||BluOS supporting iOS, Android, Windows, MacOS
||Wi-Fi5, Ethernet GigE1000 Mbps, Bluetooth 5.0 aptXHD, Mini Toslink, 3.5 mm analogue, Airplay 2
||HDMI eARC, USB Type A
||32-bit, 384 kHz powered by ARM® Cortex Quad Core 1.8ghz processor
|Native sampling rates
||Up to 192 kHz
||RCA analogue stereo, RCA coax, 3.5 mm Headphone, Bluetooth, RCA Sub, Wireless to PULSE SUB+
||Toslink, USB Audio 2.0 (Available for free with future software update)
|File format compatibility
||MP3, AAC, WMA, WMA-L, OGG, ALAC, OPUS, FLAC, MQA, WAV, AIFF
|Signal to Noise Ratio
||220 x 46 x 146 mm (WxHxD)
The current generation BlueSound Node is more of the same as it’s predecessor, the 2i, and it is all good.
PRICE R12 995.00
SUPPLIED BY Audioholics 011-453-2365
I had the Node 2i in my hands for all too short a time recently, and as things work out I swapped it out for the next generation unit, now just called the Node. Odd nomenclature aside this all new Node has a few upgrades in house and yet is cheaper than the model it replaces. This is not the usual norm of matters hi-fi! More for less? Who are they kidding?!
Turns out it weighs a few grams less than it’s predecessor but the chassis it comes in looks to all intents and purposes, identical. It has the same soft touch interface that I used about as much as I did with its predecessor. Which was zero. Because like its predecessor, the smart phone app did all the heavy lifting in under a minute turning my smart phone into the ultimate smart remote.
The most apparent in your face changes between the Node and the Node 2i must lie in the increased processing power. From a single core 1 GHz CPU to a quad core 1.8 GHz unit the sheer blunt force trauma of more calculating power has been increased massively. This is needed because the DAC is now running along now at a fairly nice clip of 384 kHz, twice that of the old one…
So it should sound twice as good right?
Well.. steady on there Annie Oakley. If only life worked like that!
OK, but then is it better?
Unequivocally yes. The Node2i is already a bit of a beast in sheep’s clothing, and the Node continues in that vein. It delivers more signal processing that in my mind’s ear gave me more believability in an ‘evolution as opposed to revolution’ type approach. The added processing power in what was already a capable package means that the Node is off to the races already ahead of the pack and racing against it’s team mate more than anyone else. And it is going to win against it every time.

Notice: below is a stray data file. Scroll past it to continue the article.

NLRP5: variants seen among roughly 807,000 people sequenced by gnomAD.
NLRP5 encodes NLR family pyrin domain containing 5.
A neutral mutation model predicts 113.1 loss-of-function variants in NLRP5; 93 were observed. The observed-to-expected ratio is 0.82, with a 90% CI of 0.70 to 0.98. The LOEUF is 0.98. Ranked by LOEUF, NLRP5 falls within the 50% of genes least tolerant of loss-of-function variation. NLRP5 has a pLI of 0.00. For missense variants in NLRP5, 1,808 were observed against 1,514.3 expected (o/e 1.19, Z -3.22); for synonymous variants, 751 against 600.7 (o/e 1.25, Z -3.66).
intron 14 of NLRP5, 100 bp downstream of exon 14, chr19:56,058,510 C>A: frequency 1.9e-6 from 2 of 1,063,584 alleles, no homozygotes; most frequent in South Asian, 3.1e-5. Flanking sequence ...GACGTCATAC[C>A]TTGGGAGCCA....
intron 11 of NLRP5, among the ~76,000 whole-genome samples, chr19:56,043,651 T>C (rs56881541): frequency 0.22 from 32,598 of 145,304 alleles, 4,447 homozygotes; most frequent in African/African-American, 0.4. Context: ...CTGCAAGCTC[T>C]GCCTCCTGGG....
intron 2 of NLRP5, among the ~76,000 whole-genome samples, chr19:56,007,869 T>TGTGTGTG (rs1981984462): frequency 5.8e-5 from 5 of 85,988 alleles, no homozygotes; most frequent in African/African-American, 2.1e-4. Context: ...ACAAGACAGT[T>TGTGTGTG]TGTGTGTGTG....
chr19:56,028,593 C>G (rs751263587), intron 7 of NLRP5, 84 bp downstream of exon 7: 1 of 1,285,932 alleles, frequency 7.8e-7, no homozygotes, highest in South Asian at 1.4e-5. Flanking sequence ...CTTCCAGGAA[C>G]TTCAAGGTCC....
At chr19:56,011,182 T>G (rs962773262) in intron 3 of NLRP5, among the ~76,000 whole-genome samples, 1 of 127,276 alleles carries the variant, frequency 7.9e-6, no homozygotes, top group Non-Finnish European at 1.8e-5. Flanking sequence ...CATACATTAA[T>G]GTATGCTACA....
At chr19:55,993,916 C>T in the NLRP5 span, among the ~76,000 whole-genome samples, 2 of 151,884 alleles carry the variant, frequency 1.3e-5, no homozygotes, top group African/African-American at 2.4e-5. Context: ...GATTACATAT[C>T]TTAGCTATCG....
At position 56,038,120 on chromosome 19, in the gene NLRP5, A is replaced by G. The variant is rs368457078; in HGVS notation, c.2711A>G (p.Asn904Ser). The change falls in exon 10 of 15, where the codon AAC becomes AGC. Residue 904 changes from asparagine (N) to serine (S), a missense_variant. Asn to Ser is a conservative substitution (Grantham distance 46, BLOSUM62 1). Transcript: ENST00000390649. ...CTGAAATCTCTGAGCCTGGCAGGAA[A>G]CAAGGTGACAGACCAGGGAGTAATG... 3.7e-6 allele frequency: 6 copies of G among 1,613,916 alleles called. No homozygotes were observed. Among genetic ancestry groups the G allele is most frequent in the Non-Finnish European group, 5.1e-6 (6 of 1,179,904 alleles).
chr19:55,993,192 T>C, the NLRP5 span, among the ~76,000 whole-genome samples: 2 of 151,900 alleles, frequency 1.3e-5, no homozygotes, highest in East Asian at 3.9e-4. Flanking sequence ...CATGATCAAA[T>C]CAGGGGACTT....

That’s part of what I really enjoyed about the Node. It’s not a complete re-invention sonically, but rather it bends its added power to the task of improving incrementally across the board. What I heard was an improvement in the dynamics of my music – my speakers seemed to have more impetus behind them which moved the sound stage forward a little more. I had more overall depth and imaging although to be completely fair I did add in a few new reference tracks because well, who doesn’t need more doof doof in their lives? However the balance of neutrality in the Node’s approach is in keeping with what I was hearing on the 2i.
In orchestral music there seems to be more ambience within the sound stage which I dare say also felt a smidgen wider. Switching across the master of the rasper, dear Leonard Cohen and played back to back with Sean Rowe (a newish discovery) gives every sense of a life lived hard and fast, with so much pathos one feels privileged to share in it. A revisit to an old flame Janis Ian courtesy of a reminder from a certain local amp maker rounded off my listening and emotional journey with the Node in a memorable session that reminds one that sometimes upgrades are simply subtle increments of overall improvement that add up over time.
What this new Node does is what the ‘old’ Node did, and that is to get you back to listening to music in effortless fashion. It espouses supremely good value for money, it delivers on every front with confident competence and it will engage you in ways that will delight and distract you into the illusion that is music recreated. Add to that a superb app interface that I found among the best I have used (Tidal is simply waaaay better than Roon’s clunky searching function) and there is really very little on the Node that I can reasonably find fault with. I loved it’s effortless simplicity and behind the scenes clout that has been sensibly executed.
It’s actually a bit of an audiophile bargain…